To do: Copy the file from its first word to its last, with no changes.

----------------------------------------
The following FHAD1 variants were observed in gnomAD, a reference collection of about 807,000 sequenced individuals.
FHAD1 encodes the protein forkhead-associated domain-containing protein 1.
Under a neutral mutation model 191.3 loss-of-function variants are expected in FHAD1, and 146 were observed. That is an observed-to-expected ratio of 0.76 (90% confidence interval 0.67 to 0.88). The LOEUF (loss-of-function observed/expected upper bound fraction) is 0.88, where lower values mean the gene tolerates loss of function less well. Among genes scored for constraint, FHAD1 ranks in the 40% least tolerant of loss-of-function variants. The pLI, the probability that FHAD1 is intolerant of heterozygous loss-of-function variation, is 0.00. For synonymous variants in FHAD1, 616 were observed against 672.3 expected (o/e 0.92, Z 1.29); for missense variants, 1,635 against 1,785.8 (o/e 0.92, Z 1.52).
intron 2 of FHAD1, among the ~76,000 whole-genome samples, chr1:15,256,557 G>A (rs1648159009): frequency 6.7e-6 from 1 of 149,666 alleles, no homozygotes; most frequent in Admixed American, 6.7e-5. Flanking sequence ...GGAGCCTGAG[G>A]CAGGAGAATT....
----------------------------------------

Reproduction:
The following FHAD1 variants were observed in gnomAD, a reference collection of about 807,000 sequenced individuals.
FHAD1 encodes the protein forkhead-associated domain-containing protein 1.
Under a neutral mutation model 191.3 loss-of-function variants are expected in FHAD1, and 146 were observed. That is an observed-to-expected ratio of 0.76 (90% confidence interval 0.67 to 0.88). The LOEUF (loss-of-function observed/expected upper bound fraction) is 0.88, where lower values mean the gene tolerates loss of function less well. Among genes scored for constraint, FHAD1 ranks in the 40% least tolerant of loss-of-function variants. The pLI, the probability that FHAD1 is intolerant of heterozygous loss-of-function variation, is 0.00. For synonymous variants in FHAD1, 616 were observed against 672.3 expected (o/e 0.92, Z 1.29); for missense variants, 1,635 against 1,785.8 (o/e 0.92, Z 1.52).
intron 2 of FHAD1, among the ~76,000 whole-genome samples, chr1:15,256,557 G>A (rs1648159009): frequency 6.7e-6 from 1 of 149,666 alleles, no homozygotes; most frequent in Admixed American, 6.7e-5. Flanking sequence ...GGAGCCTGAG[G>A]CAGGAGAATT....